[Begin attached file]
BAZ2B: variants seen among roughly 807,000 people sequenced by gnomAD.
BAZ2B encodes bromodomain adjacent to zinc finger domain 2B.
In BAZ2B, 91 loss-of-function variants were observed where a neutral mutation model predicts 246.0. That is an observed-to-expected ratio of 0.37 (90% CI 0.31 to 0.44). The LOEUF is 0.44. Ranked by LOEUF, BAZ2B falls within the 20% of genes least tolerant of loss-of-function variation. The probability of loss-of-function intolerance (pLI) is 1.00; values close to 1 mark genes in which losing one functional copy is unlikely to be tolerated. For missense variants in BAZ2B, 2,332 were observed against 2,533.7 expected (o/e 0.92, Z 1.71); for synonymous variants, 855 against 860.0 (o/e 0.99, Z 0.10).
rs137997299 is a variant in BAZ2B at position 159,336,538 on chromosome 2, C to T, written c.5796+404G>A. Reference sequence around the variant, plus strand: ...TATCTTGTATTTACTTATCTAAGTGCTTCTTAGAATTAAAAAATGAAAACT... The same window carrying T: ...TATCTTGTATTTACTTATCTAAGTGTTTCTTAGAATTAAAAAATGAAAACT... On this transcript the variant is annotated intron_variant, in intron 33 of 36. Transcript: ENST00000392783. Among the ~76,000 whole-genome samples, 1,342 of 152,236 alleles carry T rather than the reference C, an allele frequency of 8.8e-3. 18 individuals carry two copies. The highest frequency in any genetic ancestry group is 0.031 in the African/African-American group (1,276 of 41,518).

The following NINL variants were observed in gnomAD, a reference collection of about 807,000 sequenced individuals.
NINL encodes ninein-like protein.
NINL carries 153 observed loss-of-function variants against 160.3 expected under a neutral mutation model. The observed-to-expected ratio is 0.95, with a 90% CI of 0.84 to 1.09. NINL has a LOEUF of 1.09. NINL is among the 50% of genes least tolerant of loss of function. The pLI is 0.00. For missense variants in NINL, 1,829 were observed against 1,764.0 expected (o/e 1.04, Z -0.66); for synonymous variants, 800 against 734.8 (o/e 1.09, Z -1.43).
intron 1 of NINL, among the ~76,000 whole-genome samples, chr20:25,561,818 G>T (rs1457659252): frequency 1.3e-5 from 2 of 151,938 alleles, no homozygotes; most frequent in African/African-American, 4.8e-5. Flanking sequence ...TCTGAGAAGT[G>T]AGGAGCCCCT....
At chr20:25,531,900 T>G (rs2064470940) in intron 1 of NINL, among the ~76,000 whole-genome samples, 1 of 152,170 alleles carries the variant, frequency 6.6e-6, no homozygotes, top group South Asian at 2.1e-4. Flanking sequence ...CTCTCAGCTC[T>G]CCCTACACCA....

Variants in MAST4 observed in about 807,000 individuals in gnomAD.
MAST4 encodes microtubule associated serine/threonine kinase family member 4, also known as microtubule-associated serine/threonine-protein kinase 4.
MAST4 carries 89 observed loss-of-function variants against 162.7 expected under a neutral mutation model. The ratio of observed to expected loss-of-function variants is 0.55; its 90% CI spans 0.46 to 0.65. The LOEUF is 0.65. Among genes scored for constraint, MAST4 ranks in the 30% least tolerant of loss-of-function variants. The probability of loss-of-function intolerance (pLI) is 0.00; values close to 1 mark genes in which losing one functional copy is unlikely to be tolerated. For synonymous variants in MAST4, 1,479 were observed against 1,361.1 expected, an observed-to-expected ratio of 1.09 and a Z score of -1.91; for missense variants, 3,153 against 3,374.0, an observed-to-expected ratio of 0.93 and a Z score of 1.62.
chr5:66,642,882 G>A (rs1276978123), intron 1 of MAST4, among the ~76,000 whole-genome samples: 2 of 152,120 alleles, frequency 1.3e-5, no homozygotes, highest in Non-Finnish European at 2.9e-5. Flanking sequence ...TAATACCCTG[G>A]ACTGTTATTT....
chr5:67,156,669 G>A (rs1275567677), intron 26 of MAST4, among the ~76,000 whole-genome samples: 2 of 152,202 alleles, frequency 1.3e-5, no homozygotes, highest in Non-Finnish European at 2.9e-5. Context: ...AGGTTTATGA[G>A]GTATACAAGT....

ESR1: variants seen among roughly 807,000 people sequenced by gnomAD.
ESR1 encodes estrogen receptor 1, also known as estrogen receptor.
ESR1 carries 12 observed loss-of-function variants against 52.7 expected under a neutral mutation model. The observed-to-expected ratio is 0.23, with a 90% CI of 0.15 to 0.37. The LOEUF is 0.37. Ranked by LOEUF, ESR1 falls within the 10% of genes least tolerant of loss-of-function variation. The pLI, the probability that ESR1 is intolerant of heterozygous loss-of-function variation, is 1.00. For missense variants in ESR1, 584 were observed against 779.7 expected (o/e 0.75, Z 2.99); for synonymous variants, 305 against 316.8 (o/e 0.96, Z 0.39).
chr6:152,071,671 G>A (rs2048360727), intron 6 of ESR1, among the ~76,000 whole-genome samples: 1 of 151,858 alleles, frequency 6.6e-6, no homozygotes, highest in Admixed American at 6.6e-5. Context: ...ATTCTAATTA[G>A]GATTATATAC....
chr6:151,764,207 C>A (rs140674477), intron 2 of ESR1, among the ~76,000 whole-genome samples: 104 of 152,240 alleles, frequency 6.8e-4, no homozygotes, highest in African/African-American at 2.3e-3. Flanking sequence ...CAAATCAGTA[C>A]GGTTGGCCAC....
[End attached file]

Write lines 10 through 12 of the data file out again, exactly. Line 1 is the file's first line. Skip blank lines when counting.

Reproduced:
Variants in MAST4 observed in about 807,000 individuals in gnomAD.
MAST4 encodes microtubule associated serine/threonine kinase family member 4, also known as microtubule-associated serine/threonine-protein kinase 4.
MAST4 carries 89 observed loss-of-function variants against 162.7 expected under a neutral mutation model. The ratio of observed to expected loss-of-function variants is 0.55; its 90% CI spans 0.46 to 0.65. The LOEUF is 0.65. Among genes scored for constraint, MAST4 ranks in the 30% least tolerant of loss-of-function variants. The probability of loss-of-function intolerance (pLI) is 0.00; values close to 1 mark genes in which losing one functional copy is unlikely to be tolerated. For synonymous variants in MAST4, 1,479 were observed against 1,361.1 expected, an observed-to-expected ratio of 1.09 and a Z score of -1.91; for missense variants, 3,153 against 3,374.0, an observed-to-expected ratio of 0.93 and a Z score of 1.62.